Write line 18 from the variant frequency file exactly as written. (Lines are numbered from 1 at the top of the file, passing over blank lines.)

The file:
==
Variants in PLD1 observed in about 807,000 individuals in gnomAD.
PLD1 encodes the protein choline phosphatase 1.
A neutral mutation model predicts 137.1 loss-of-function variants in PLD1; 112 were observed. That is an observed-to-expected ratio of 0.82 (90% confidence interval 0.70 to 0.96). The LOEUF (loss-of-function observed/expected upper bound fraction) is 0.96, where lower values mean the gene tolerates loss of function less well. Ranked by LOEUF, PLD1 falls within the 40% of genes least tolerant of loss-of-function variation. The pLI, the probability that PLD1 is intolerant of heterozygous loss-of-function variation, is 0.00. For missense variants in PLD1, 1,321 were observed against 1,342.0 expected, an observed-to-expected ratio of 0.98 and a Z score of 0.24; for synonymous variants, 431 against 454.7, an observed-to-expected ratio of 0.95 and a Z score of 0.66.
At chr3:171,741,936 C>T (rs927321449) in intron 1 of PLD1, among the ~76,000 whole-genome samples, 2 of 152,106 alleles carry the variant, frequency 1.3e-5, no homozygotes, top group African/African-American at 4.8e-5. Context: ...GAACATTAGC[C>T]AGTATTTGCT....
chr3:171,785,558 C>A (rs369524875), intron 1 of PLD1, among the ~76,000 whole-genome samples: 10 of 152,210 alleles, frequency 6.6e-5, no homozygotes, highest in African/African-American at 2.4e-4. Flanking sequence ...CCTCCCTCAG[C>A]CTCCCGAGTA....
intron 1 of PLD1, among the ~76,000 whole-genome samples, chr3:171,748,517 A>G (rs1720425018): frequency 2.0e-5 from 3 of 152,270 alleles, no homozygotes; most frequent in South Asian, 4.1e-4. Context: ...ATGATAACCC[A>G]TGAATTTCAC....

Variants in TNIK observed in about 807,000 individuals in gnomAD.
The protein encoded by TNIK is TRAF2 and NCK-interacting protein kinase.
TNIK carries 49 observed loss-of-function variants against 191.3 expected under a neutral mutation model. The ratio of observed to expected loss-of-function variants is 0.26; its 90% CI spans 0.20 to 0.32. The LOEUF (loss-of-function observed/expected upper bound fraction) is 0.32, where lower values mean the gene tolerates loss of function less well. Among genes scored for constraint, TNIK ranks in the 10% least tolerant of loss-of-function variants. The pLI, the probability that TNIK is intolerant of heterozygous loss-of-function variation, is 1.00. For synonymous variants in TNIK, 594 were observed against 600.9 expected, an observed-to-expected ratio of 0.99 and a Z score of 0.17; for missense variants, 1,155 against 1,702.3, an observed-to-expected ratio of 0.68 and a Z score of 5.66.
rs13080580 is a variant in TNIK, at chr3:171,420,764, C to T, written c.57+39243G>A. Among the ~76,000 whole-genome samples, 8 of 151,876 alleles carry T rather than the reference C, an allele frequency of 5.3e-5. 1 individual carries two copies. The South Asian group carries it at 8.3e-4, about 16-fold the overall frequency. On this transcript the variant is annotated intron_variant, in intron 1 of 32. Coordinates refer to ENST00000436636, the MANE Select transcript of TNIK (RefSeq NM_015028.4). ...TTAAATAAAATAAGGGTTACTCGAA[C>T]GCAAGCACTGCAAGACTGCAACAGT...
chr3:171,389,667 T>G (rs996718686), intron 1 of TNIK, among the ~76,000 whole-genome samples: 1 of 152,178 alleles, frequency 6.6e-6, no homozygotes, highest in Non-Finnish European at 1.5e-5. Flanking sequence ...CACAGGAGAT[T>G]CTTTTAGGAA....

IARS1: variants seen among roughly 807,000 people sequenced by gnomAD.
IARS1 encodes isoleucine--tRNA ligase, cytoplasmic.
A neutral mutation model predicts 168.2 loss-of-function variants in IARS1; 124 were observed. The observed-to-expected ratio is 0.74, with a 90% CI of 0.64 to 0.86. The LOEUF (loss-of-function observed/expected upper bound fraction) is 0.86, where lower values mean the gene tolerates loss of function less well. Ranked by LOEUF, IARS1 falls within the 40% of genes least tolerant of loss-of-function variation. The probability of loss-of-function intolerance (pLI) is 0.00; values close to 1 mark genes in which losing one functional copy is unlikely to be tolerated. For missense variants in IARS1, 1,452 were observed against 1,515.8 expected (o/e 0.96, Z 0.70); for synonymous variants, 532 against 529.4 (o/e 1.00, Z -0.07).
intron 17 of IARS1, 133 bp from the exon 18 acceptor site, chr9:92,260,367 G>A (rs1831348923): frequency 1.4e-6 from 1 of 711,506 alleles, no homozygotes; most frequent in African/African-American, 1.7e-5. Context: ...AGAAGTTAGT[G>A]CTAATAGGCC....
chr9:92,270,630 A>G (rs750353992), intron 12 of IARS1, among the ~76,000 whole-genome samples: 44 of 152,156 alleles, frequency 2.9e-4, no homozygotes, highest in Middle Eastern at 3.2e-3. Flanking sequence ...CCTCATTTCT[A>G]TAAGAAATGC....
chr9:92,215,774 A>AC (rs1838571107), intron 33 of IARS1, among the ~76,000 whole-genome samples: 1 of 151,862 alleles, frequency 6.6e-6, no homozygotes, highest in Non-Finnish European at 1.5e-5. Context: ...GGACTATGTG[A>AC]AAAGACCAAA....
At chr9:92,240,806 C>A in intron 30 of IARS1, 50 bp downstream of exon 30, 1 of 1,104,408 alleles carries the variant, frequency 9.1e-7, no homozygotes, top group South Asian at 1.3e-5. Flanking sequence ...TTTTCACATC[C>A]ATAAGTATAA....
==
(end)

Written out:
At chr9:92,240,806 C>A in intron 30 of IARS1, 50 bp downstream of exon 30, 1 of 1,104,408 alleles carries the variant, frequency 9.1e-7, no homozygotes, top group South Asian at 1.3e-5. Flanking sequence ...TTTTCACATC[C>A]ATAAGTATAA....